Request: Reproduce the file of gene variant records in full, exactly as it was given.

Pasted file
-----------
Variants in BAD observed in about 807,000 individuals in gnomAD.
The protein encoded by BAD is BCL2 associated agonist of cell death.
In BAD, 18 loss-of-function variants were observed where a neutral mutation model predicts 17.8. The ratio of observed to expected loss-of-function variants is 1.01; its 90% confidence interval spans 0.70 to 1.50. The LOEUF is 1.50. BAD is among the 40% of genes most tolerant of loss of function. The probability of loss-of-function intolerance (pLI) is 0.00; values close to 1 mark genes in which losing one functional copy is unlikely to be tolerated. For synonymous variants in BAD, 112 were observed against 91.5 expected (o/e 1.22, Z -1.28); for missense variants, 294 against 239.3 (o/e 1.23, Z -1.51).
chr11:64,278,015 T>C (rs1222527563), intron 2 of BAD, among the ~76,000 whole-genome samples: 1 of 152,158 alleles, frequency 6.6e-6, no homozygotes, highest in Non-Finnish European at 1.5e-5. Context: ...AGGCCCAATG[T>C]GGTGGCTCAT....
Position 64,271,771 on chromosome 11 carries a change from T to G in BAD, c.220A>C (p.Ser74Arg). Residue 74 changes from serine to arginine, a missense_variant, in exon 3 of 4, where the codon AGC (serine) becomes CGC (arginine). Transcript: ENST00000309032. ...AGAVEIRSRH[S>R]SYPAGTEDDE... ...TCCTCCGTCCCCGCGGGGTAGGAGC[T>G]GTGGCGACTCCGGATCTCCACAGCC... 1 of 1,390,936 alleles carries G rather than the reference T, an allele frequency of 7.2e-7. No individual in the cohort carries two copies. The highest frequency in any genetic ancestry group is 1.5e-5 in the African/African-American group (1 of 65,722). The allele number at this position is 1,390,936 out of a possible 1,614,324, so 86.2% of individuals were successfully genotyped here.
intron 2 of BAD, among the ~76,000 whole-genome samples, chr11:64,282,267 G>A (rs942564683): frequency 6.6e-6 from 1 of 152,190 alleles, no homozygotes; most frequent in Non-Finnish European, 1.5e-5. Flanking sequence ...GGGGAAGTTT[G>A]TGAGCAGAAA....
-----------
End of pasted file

Variants in BAD observed in about 807,000 individuals in gnomAD.
The protein encoded by BAD is BCL2 associated agonist of cell death.
In BAD, 18 loss-of-function variants were observed where a neutral mutation model predicts 17.8. The ratio of observed to expected loss-of-function variants is 1.01; its 90% confidence interval spans 0.70 to 1.50. The LOEUF is 1.50. BAD is among the 40% of genes most tolerant of loss of function. The probability of loss-of-function intolerance (pLI) is 0.00; values close to 1 mark genes in which losing one functional copy is unlikely to be tolerated. For synonymous variants in BAD, 112 were observed against 91.5 expected (o/e 1.22, Z -1.28); for missense variants, 294 against 239.3 (o/e 1.23, Z -1.51).
chr11:64,278,015 T>C (rs1222527563), intron 2 of BAD, among the ~76,000 whole-genome samples: 1 of 152,158 alleles, frequency 6.6e-6, no homozygotes, highest in Non-Finnish European at 1.5e-5. Context: ...AGGCCCAATG[T>C]GGTGGCTCAT....
Position 64,271,771 on chromosome 11 carries a change from T to G in BAD, c.220A>C (p.Ser74Arg). Residue 74 changes from serine to arginine, a missense_variant, in exon 3 of 4, where the codon AGC (serine) becomes CGC (arginine). Transcript: ENST00000309032. ...AGAVEIRSRH[S>R]SYPAGTEDDE... ...TCCTCCGTCCCCGCGGGGTAGGAGC[T>G]GTGGCGACTCCGGATCTCCACAGCC... 1 of 1,390,936 alleles carries G rather than the reference T, an allele frequency of 7.2e-7. No individual in the cohort carries two copies. The highest frequency in any genetic ancestry group is 1.5e-5 in the African/African-American group (1 of 65,722). The allele number at this position is 1,390,936 out of a possible 1,614,324, so 86.2% of individuals were successfully genotyped here.
intron 2 of BAD, among the ~76,000 whole-genome samples, chr11:64,282,267 G>A (rs942564683): frequency 6.6e-6 from 1 of 152,190 alleles, no homozygotes; most frequent in Non-Finnish European, 1.5e-5. Flanking sequence ...GGGGAAGTTT[G>A]TGAGCAGAAA....